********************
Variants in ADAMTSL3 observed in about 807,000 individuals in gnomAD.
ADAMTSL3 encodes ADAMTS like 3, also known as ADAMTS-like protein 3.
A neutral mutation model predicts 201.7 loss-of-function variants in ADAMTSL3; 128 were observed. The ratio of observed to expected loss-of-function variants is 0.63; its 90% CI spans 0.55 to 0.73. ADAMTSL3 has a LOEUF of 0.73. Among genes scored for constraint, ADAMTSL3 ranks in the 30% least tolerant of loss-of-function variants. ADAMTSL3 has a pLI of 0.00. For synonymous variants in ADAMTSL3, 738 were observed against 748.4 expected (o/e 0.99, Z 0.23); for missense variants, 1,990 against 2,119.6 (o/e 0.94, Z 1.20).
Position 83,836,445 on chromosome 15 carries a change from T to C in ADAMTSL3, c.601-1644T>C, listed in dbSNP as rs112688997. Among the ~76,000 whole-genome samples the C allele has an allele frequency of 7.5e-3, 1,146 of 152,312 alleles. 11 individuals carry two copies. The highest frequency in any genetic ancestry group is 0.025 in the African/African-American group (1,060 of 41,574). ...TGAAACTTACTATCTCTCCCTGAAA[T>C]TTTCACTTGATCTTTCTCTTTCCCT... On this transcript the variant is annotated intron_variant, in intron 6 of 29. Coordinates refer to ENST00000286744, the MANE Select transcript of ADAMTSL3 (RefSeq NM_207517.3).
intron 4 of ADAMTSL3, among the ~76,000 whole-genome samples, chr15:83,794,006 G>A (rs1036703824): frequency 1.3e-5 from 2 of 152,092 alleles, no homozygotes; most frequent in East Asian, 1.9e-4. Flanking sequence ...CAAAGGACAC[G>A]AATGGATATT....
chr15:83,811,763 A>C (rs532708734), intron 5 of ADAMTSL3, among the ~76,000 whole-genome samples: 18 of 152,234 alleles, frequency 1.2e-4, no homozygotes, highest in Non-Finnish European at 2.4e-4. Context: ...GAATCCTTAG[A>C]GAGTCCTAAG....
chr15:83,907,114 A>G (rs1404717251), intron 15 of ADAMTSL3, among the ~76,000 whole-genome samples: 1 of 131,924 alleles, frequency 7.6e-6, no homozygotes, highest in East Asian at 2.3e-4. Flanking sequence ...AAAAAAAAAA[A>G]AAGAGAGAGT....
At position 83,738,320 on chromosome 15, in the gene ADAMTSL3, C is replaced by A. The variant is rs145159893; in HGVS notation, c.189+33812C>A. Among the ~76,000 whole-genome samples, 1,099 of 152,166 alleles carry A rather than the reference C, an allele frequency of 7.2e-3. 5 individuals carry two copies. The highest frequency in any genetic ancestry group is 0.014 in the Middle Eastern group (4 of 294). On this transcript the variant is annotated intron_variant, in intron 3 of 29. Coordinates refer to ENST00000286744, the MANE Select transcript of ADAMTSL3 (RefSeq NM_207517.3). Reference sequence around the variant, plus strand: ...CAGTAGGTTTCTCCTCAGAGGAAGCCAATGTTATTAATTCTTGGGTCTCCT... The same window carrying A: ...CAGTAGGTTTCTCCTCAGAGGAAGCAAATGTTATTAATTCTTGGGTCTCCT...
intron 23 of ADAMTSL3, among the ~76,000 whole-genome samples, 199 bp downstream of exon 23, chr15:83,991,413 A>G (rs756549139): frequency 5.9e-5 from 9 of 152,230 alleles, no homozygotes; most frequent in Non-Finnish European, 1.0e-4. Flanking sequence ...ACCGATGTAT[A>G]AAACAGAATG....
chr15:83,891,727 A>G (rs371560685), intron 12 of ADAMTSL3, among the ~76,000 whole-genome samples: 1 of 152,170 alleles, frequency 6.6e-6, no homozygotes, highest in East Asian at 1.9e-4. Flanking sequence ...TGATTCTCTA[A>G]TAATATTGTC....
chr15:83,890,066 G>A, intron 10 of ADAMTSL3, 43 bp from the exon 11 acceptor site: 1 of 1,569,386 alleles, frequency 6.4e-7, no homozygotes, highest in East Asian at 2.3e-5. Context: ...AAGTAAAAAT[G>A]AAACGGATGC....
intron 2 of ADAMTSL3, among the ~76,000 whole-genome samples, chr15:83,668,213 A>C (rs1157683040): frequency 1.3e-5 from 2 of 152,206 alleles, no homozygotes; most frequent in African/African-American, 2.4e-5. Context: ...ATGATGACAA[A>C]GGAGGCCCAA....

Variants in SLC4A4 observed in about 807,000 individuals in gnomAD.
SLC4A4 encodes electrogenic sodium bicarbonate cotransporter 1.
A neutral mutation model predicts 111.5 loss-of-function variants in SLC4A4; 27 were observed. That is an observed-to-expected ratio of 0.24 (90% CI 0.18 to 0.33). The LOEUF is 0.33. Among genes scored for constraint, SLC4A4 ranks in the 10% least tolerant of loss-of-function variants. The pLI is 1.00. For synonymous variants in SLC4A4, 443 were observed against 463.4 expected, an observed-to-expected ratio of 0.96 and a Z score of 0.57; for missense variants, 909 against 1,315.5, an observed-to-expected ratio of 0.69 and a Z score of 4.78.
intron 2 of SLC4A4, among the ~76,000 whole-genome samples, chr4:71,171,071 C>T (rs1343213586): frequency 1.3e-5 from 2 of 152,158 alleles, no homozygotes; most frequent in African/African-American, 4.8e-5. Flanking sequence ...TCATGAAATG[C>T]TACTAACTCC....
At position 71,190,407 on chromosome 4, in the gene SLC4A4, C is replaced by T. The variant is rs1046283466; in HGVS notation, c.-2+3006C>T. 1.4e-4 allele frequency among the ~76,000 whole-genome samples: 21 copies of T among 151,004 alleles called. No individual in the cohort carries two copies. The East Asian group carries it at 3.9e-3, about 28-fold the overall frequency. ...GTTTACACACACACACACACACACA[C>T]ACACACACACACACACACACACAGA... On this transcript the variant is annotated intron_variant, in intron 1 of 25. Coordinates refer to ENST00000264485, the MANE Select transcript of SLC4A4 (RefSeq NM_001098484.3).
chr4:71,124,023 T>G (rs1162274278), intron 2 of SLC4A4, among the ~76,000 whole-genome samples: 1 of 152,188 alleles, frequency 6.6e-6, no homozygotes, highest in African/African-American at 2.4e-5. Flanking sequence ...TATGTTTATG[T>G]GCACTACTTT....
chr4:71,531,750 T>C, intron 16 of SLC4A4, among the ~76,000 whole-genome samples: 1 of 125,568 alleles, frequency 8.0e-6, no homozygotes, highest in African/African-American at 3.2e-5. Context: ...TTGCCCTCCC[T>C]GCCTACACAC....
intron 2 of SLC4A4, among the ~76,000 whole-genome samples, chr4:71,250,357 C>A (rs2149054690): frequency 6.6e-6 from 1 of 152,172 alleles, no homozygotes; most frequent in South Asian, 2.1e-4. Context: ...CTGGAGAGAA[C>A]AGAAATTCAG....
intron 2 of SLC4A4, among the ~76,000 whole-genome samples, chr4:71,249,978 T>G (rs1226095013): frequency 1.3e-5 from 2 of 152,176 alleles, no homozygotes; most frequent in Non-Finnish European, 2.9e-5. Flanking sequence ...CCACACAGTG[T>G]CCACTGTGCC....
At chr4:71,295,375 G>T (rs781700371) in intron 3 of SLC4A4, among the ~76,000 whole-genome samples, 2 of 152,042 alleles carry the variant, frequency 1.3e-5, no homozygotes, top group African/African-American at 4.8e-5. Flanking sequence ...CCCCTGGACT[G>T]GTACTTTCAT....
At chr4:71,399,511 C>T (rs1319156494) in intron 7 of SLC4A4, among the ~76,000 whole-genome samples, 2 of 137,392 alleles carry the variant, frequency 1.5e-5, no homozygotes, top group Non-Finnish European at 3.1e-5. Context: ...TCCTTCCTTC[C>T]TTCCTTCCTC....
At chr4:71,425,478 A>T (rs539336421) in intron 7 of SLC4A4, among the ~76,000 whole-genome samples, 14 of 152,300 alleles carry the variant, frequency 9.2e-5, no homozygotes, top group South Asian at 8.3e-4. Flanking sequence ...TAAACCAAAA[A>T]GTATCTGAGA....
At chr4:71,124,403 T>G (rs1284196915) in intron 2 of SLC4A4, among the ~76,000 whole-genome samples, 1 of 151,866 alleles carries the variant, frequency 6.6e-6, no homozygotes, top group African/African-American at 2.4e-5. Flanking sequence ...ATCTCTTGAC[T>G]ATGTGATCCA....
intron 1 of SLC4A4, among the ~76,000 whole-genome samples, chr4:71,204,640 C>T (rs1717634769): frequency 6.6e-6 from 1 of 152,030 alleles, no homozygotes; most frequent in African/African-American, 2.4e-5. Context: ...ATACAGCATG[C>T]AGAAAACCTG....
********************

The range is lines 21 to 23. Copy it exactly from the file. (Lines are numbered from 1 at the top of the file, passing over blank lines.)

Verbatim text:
intron 2 of SLC4A4, among the ~76,000 whole-genome samples, chr4:71,249,978 T>G (rs1226095013): frequency 1.3e-5 from 2 of 152,176 alleles, no homozygotes; most frequent in Non-Finnish European, 2.9e-5. Flanking sequence ...CCACACAGTG[T>G]CCACTGTGCC....
At chr4:71,295,375 G>T (rs781700371) in intron 3 of SLC4A4, among the ~76,000 whole-genome samples, 2 of 152,042 alleles carry the variant, frequency 1.3e-5, no homozygotes, top group African/African-American at 4.8e-5. Flanking sequence ...CCCCTGGACT[G>T]GTACTTTCAT....
At chr4:71,399,511 C>T (rs1319156494) in intron 7 of SLC4A4, among the ~76,000 whole-genome samples, 2 of 137,392 alleles carry the variant, frequency 1.5e-5, no homozygotes, top group Non-Finnish European at 3.1e-5. Context: ...TCCTTCCTTC[C>T]TTCCTTCCTC....